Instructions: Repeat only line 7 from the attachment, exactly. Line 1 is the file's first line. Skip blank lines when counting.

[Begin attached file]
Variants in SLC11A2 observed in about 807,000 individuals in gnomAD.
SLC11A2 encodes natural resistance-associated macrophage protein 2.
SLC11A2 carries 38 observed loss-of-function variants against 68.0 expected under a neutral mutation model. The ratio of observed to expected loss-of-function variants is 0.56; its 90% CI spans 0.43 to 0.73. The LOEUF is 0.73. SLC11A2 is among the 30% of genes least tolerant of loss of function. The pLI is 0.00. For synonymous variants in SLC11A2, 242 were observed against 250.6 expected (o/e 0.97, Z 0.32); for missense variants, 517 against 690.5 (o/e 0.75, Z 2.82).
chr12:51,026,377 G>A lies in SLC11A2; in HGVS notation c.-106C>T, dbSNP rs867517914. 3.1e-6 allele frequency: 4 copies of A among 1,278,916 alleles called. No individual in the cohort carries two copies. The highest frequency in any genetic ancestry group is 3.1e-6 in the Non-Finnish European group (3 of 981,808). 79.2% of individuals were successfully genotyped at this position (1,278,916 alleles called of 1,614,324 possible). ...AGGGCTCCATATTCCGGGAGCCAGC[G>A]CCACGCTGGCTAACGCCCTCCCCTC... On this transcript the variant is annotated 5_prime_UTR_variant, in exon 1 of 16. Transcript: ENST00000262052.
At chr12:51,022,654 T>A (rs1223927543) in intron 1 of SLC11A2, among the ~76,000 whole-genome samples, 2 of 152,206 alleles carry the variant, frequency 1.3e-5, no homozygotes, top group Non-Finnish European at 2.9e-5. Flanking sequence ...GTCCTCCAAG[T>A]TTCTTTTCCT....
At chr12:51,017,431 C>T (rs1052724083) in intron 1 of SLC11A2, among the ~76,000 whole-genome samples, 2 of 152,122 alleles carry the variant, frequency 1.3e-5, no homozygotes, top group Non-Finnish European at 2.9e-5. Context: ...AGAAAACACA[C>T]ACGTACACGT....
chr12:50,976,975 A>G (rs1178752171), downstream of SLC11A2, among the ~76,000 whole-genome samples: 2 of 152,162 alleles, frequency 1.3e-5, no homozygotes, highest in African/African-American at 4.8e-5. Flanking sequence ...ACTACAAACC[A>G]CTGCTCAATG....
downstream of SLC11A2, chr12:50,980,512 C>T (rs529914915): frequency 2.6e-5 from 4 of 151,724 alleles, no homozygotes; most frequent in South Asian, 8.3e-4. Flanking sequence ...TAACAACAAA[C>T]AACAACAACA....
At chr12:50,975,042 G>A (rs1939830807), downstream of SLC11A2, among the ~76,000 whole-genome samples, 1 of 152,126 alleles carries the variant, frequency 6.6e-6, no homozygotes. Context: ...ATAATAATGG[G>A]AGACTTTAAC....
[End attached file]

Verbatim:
chr12:50,976,975 A>G (rs1178752171), downstream of SLC11A2, among the ~76,000 whole-genome samples: 2 of 152,162 alleles, frequency 1.3e-5, no homozygotes, highest in African/African-American at 4.8e-5. Flanking sequence ...ACTACAAACC[A>G]CTGCTCAATG....